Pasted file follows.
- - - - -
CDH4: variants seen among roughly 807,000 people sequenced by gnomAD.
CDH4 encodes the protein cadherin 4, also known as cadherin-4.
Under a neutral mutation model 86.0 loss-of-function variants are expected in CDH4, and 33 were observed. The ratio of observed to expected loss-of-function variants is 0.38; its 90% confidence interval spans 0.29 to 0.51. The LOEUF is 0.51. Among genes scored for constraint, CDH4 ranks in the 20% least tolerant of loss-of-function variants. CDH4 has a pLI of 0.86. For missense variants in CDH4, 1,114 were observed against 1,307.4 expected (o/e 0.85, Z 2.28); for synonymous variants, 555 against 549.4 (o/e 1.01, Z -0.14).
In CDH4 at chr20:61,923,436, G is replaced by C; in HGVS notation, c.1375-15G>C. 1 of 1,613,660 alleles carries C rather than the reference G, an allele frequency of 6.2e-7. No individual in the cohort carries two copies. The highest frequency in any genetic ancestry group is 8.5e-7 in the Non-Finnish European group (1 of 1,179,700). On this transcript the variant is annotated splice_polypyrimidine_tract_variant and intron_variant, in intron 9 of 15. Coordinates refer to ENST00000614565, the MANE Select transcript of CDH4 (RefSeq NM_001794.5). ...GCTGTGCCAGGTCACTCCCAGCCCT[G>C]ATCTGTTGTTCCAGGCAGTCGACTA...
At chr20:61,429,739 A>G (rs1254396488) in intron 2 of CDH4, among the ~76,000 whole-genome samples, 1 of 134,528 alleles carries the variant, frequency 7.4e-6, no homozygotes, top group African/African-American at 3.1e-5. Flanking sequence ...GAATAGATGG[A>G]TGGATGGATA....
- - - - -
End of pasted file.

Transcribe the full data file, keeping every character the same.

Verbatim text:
CDH4: variants seen among roughly 807,000 people sequenced by gnomAD.
CDH4 encodes the protein cadherin 4, also known as cadherin-4.
Under a neutral mutation model 86.0 loss-of-function variants are expected in CDH4, and 33 were observed. The ratio of observed to expected loss-of-function variants is 0.38; its 90% confidence interval spans 0.29 to 0.51. The LOEUF is 0.51. Among genes scored for constraint, CDH4 ranks in the 20% least tolerant of loss-of-function variants. CDH4 has a pLI of 0.86. For missense variants in CDH4, 1,114 were observed against 1,307.4 expected (o/e 0.85, Z 2.28); for synonymous variants, 555 against 549.4 (o/e 1.01, Z -0.14).
In CDH4 at chr20:61,923,436, G is replaced by C; in HGVS notation, c.1375-15G>C. 1 of 1,613,660 alleles carries C rather than the reference G, an allele frequency of 6.2e-7. No individual in the cohort carries two copies. The highest frequency in any genetic ancestry group is 8.5e-7 in the Non-Finnish European group (1 of 1,179,700). On this transcript the variant is annotated splice_polypyrimidine_tract_variant and intron_variant, in intron 9 of 15. Coordinates refer to ENST00000614565, the MANE Select transcript of CDH4 (RefSeq NM_001794.5). ...GCTGTGCCAGGTCACTCCCAGCCCT[G>C]ATCTGTTGTTCCAGGCAGTCGACTA...
At chr20:61,429,739 A>G (rs1254396488) in intron 2 of CDH4, among the ~76,000 whole-genome samples, 1 of 134,528 alleles carries the variant, frequency 7.4e-6, no homozygotes, top group African/African-American at 3.1e-5. Flanking sequence ...GAATAGATGG[A>G]TGGATGGATA....